Expression is a powerful tool that we all possess and we shouldn’t be afraid to use it. Our expression defines who we are. We should feel comfortable expressing our sadness or anxiety as well as our achievements and happiness. We should be brave enough to express what we believe in and stand by it. We should never forget to express our gratitude and happiness for others. Expression shouldn’t be a weapon muddled with hatred or jealousy. We shouldn’t be using our words to bring others down or place people in a negative light. We shouldn’t be expressing ourselves in a way that invalidates or manipulates others. Our expression illustrates who we are. So find expression in your toolkit and use it with good intentions. We’re trying to fix the world, not break it.
Being able to be happy for someone else’s success and pleasures in life illuminates our own feelings about success and happiness and also the possibilities of our own success and happiness. We don’t have to always agree with everybody’s choices in life, but if we cannot be happy for somebody else, we are living in the world of negativity and lack. We constantly are comparing our lives to someone else’s and punishing them through our behaviour, because we are insecure about our own level of success and happiness. Perhaps we don’t believe in ourselves, don’t believe that we can get to a similar level of success and happiness, so we try to brush it off. If we cannot be happy for someone else, then we will never be satisfied or happy with our own achievements. We need to understand that success and happiness is different for everyone. Although we might be jealous of someone’s accomplishments, we may have a different yet very equal set of achievements. Similarly, we might find happiness and success in different roads that can never be compared, but are still equally as important. We can be jealous of somebody’s life and admire them at the same time. We can be happy for them without compromising our own happiness. We can still reach higher and higher whilst helping others achieve their dreams too.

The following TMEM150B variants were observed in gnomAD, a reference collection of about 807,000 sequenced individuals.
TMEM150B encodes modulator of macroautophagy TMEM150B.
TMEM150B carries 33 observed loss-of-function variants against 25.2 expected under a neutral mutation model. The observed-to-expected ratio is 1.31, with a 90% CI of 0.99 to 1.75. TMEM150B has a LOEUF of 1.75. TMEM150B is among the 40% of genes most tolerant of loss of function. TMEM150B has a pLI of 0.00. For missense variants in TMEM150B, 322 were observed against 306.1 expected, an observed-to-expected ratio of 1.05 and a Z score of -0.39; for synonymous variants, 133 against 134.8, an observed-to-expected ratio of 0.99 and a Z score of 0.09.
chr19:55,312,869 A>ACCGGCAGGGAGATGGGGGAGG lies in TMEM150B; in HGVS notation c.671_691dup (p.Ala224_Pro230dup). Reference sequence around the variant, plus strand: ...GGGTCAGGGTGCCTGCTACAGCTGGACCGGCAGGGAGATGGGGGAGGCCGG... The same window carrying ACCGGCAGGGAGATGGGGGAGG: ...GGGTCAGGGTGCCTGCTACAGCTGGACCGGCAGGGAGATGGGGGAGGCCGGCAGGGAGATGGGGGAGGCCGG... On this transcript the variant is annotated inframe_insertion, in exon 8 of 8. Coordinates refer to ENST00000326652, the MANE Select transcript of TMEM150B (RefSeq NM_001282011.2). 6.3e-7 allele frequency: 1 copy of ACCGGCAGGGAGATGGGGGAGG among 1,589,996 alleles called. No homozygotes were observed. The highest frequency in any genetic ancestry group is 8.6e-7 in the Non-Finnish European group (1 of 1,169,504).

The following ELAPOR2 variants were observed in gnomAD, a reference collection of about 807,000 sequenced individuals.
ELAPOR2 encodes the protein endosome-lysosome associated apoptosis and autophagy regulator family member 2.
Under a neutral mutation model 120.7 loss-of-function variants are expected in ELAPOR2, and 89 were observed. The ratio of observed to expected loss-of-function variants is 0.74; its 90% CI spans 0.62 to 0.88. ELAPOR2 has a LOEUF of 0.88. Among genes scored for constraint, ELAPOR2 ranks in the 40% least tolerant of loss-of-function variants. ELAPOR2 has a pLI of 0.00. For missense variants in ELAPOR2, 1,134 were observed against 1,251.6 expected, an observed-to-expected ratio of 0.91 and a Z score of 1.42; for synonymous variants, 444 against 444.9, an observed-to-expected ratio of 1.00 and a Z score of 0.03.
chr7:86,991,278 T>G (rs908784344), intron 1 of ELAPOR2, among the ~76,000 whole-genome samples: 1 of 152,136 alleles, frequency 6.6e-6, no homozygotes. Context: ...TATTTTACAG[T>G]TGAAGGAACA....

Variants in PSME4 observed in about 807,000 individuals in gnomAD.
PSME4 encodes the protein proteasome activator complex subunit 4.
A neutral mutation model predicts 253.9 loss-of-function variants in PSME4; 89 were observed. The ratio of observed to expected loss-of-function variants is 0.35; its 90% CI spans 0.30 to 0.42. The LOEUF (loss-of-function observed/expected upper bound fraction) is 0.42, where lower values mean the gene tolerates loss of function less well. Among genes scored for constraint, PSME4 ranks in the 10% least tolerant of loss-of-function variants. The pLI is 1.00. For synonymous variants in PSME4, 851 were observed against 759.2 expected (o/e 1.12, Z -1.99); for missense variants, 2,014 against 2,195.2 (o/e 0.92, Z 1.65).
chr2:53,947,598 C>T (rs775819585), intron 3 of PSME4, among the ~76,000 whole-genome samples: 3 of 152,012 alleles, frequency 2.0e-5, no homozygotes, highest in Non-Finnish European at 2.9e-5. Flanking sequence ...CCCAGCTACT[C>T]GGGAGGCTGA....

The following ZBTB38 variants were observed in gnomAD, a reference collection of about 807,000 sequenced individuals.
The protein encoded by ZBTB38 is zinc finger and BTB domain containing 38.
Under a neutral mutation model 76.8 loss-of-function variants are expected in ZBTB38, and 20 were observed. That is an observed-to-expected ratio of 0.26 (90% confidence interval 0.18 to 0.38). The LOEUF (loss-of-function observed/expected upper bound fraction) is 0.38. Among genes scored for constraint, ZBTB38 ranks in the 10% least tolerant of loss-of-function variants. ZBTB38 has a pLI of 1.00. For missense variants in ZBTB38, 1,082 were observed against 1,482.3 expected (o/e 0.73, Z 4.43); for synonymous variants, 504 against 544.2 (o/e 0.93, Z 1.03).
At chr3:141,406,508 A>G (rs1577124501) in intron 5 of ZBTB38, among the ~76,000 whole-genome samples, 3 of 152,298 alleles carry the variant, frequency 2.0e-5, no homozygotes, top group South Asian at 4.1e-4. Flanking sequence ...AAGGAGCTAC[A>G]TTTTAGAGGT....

It seems to be natural for us to always compare ourselves to others. Our happiness in times of our own success seems to be determined by the success and failure of other people. One minute we are proud of ourselves; the next we feel disillusioned and deflated because we caught a glimpse of somebody else’s success, and our’s doesn’t seem as good in comparison. Why is this? Why do we measure our own worth against somebody else, somebody with a completely different brain and set of skills and set of accomplishments and set of life choices? And then to top it all of, the idea of what someone deserves comes into play. We worked harder and we sacrificed more time and leisure, and that person still came out on top. But the question to ask is, did we try to achieve success for other people and what they think or did we do it for ourselves and for what we think? Maybe taking that perspective will help us move past the comparing, the jealousy, the competition. Maybe if we strip away the other people and focus on our own goals and standards, we will learn to congratulate ourselves and be happy for ourselves and for others in times of success.